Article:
Trigger Point Release Techniques

Trigger Point Release Techniques

Trigger points

Trigger points or muscle “knots” are sensitive spots in soft tissue that are implicated in the Myofascial pain syndrome. They are painful when pressed on, as they cause referred pain. When our muscles have trigger points, there is pain, stiffness and tension and limited motion.

Factors that predispose to trigger point formation include de-conditioning, poor posture, repetitive stress, postural imbalance, joint disorders, non-restorative sleep and vitamin deficiencies. Trigger points may be present secondary to other sources of pain or may be causing the painful symptoms.

 

Conditions associated with trigger points include back pain, headaches, neck pain, rotator cuff pain, jaw pain, tennis elbow, carpal tunnel syndrome, pelvic pain, hip pain, sciatic pain, knee pain, plantar fasciitis pain, tendonitis, bursitis, arthritis, radiculopathy, frozen shoulder, fibromyalgia, etc.

The majority of patients seeking relief from pain are still treated with anti-inflammatory medications, muscle relaxants and/or strengthening programs. These are largely ineffective as trigger points do not respond to them and may be aggravated by further straining. There are no drugs that eliminate myofascial trigger points. But myofascial trigger points are being acknowledged by physicians while managing their patients. Some primary care physicians, regularly administer trigger point injections.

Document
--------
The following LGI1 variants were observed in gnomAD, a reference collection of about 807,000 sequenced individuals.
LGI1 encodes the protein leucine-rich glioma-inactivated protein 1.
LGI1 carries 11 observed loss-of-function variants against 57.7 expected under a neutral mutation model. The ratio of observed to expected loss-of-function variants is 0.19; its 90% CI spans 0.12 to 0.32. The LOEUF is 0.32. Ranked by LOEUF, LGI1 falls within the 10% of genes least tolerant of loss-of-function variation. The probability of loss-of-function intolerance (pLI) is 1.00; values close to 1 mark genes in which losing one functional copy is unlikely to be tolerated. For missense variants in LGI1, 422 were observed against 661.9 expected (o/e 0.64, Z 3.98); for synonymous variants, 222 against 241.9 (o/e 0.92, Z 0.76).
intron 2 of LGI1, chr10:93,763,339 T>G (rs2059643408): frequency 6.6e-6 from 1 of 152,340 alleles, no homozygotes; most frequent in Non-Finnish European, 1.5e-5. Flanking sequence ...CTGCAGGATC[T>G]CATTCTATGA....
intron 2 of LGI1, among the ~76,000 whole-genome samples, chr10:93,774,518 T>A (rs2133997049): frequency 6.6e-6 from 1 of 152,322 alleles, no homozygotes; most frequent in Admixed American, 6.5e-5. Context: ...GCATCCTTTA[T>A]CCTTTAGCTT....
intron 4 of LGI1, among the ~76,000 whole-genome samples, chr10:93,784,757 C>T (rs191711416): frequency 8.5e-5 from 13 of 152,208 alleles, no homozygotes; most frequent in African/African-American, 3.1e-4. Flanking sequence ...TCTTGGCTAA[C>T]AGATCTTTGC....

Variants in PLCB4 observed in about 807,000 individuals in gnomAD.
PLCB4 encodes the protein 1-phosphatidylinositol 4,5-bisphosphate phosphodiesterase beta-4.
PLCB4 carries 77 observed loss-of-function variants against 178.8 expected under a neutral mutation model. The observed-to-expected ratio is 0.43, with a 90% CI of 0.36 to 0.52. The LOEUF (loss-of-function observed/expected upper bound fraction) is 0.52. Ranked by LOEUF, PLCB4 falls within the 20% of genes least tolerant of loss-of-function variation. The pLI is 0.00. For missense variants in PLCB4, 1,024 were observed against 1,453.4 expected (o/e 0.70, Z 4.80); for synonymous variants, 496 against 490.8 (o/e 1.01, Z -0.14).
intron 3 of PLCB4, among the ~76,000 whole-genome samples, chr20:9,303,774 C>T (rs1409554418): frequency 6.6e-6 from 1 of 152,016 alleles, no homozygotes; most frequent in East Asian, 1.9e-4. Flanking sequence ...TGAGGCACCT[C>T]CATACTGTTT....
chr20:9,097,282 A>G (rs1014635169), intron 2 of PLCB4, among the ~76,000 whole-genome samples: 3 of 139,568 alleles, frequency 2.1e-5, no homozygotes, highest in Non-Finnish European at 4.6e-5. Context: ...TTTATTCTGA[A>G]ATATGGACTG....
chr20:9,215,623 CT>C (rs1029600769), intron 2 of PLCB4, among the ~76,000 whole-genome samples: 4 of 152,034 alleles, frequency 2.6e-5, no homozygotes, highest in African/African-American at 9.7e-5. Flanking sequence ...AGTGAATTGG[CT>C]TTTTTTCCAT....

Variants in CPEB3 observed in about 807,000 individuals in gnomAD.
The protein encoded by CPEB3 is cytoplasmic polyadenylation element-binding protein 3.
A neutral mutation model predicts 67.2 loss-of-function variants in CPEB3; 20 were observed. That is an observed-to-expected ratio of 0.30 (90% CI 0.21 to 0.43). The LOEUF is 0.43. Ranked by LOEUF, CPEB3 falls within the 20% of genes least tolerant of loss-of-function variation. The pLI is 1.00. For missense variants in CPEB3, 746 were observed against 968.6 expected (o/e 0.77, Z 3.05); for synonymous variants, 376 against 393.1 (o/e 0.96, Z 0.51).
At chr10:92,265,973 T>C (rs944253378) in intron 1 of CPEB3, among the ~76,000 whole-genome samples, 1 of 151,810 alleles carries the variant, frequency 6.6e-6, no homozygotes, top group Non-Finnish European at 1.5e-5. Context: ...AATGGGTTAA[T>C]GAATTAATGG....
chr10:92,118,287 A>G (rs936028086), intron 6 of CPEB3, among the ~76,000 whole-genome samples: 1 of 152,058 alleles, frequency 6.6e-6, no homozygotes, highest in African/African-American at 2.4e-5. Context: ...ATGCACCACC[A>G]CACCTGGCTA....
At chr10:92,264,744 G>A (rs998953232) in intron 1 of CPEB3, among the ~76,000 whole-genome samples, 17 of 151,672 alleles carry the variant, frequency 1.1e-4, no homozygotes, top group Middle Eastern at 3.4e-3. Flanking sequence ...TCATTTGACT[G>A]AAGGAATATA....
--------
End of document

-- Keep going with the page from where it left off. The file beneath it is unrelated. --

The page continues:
Trigger points may be present secondary to other sources of pain, or may be causing the painful symptoms

Trigger points have two phases, active and latent. The active phase is painful – it hurts when pressed with a finger and localized and referred pain. Trigger points can also be latent they elicit tenderness only when pressed, otherwise, there is no pain. Many things can cause a latent trigger point to become active, such as muscle overload, fatigue, infection, illness, or stress.

Treating each trigger point is quite simple, but treating myofascial pain syndrome completely can be difficult. First of all, you should not strengthen a muscle that has a trigger point, because it is already contracted and the muscle is locked into a shortened position. The technique involves unlocking that contraction mechanism. This can be achieved by applying pressure with a finger or other instrument to the trigger point and increasing the pressure as the trigger point “releases” and softens. There are a number of variations on this technique based on the individual and the nature of his complaints.

 

There is another technique, called Spray-and-Stretch method that involves using a vapocoolant spray and stretching the muscle to help release the trigger point. Once trigger points are released, the muscle is moved throughout its full range.

 

Overall, these are effective, non-invasive techniques that are easy to perform and often produce quick pain relief. They should be fully embraced by clinicians who would need to acknowledge the role of trigger points in musculoskeletal pain in order to take these trigger point release approaches seriously. More research would also help establish myofascial pain syndrome as a proper diagnosis and validate these techniques as its viable therapy.

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